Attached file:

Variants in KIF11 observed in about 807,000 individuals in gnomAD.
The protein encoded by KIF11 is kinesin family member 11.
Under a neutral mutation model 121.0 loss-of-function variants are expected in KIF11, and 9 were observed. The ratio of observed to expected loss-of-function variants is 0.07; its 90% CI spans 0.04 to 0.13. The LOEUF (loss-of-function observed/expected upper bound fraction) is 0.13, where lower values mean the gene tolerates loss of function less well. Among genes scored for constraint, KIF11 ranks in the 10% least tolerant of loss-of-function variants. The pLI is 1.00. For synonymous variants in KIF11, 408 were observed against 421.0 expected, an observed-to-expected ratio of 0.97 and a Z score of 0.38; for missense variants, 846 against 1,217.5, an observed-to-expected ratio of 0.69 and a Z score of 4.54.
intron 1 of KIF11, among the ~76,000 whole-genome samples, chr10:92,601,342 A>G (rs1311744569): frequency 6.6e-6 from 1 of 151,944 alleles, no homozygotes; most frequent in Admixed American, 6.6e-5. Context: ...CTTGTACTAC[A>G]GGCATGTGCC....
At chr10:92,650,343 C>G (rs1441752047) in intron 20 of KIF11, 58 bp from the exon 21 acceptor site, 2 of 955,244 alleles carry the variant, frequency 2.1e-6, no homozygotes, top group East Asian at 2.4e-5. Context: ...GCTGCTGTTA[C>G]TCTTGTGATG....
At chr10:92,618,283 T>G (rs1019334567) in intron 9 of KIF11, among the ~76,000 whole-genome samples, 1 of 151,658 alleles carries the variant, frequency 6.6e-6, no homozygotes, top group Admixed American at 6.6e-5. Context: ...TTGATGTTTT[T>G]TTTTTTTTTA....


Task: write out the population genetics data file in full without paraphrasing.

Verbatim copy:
Variants in KIF11 observed in about 807,000 individuals in gnomAD.
The protein encoded by KIF11 is kinesin family member 11.
Under a neutral mutation model 121.0 loss-of-function variants are expected in KIF11, and 9 were observed. The ratio of observed to expected loss-of-function variants is 0.07; its 90% CI spans 0.04 to 0.13. The LOEUF (loss-of-function observed/expected upper bound fraction) is 0.13, where lower values mean the gene tolerates loss of function less well. Among genes scored for constraint, KIF11 ranks in the 10% least tolerant of loss-of-function variants. The pLI is 1.00. For synonymous variants in KIF11, 408 were observed against 421.0 expected, an observed-to-expected ratio of 0.97 and a Z score of 0.38; for missense variants, 846 against 1,217.5, an observed-to-expected ratio of 0.69 and a Z score of 4.54.
intron 1 of KIF11, among the ~76,000 whole-genome samples, chr10:92,601,342 A>G (rs1311744569): frequency 6.6e-6 from 1 of 151,944 alleles, no homozygotes; most frequent in Admixed American, 6.6e-5. Context: ...CTTGTACTAC[A>G]GGCATGTGCC....
At chr10:92,650,343 C>G (rs1441752047) in intron 20 of KIF11, 58 bp from the exon 21 acceptor site, 2 of 955,244 alleles carry the variant, frequency 2.1e-6, no homozygotes, top group East Asian at 2.4e-5. Context: ...GCTGCTGTTA[C>G]TCTTGTGATG....
At chr10:92,618,283 T>G (rs1019334567) in intron 9 of KIF11, among the ~76,000 whole-genome samples, 1 of 151,658 alleles carries the variant, frequency 6.6e-6, no homozygotes, top group Admixed American at 6.6e-5. Context: ...TTGATGTTTT[T>G]TTTTTTTTTA....